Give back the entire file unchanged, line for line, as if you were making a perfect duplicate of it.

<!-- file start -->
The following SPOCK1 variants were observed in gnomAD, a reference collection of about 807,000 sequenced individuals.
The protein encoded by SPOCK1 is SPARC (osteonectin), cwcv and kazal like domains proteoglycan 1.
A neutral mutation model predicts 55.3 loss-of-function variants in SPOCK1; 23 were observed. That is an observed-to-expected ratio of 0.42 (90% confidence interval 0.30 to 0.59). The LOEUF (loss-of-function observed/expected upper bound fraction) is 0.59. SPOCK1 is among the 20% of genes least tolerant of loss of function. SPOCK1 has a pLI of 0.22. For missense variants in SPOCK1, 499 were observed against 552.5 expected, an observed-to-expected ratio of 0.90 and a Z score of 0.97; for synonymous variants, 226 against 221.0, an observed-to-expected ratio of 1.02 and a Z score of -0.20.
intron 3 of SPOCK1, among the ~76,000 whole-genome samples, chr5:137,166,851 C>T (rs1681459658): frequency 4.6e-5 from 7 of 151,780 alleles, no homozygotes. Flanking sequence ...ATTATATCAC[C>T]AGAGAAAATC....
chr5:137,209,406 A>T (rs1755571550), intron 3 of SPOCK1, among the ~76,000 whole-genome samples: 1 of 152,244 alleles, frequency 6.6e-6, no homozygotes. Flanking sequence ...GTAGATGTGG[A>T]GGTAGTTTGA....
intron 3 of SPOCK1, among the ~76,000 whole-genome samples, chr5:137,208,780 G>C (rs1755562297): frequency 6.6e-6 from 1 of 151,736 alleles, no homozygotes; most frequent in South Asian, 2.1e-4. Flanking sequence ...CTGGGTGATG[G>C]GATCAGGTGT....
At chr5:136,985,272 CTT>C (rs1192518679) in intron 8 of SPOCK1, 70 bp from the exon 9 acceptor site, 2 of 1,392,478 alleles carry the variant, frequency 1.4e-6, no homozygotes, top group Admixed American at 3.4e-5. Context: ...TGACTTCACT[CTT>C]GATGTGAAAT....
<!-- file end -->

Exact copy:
The following SPOCK1 variants were observed in gnomAD, a reference collection of about 807,000 sequenced individuals.
The protein encoded by SPOCK1 is SPARC (osteonectin), cwcv and kazal like domains proteoglycan 1.
A neutral mutation model predicts 55.3 loss-of-function variants in SPOCK1; 23 were observed. That is an observed-to-expected ratio of 0.42 (90% confidence interval 0.30 to 0.59). The LOEUF (loss-of-function observed/expected upper bound fraction) is 0.59. SPOCK1 is among the 20% of genes least tolerant of loss of function. SPOCK1 has a pLI of 0.22. For missense variants in SPOCK1, 499 were observed against 552.5 expected, an observed-to-expected ratio of 0.90 and a Z score of 0.97; for synonymous variants, 226 against 221.0, an observed-to-expected ratio of 1.02 and a Z score of -0.20.
intron 3 of SPOCK1, among the ~76,000 whole-genome samples, chr5:137,166,851 C>T (rs1681459658): frequency 4.6e-5 from 7 of 151,780 alleles, no homozygotes. Flanking sequence ...ATTATATCAC[C>T]AGAGAAAATC....
chr5:137,209,406 A>T (rs1755571550), intron 3 of SPOCK1, among the ~76,000 whole-genome samples: 1 of 152,244 alleles, frequency 6.6e-6, no homozygotes. Flanking sequence ...GTAGATGTGG[A>T]GGTAGTTTGA....
intron 3 of SPOCK1, among the ~76,000 whole-genome samples, chr5:137,208,780 G>C (rs1755562297): frequency 6.6e-6 from 1 of 151,736 alleles, no homozygotes; most frequent in South Asian, 2.1e-4. Flanking sequence ...CTGGGTGATG[G>C]GATCAGGTGT....
At chr5:136,985,272 CTT>C (rs1192518679) in intron 8 of SPOCK1, 70 bp from the exon 9 acceptor site, 2 of 1,392,478 alleles carry the variant, frequency 1.4e-6, no homozygotes, top group Admixed American at 3.4e-5. Context: ...TGACTTCACT[CTT>C]GATGTGAAAT....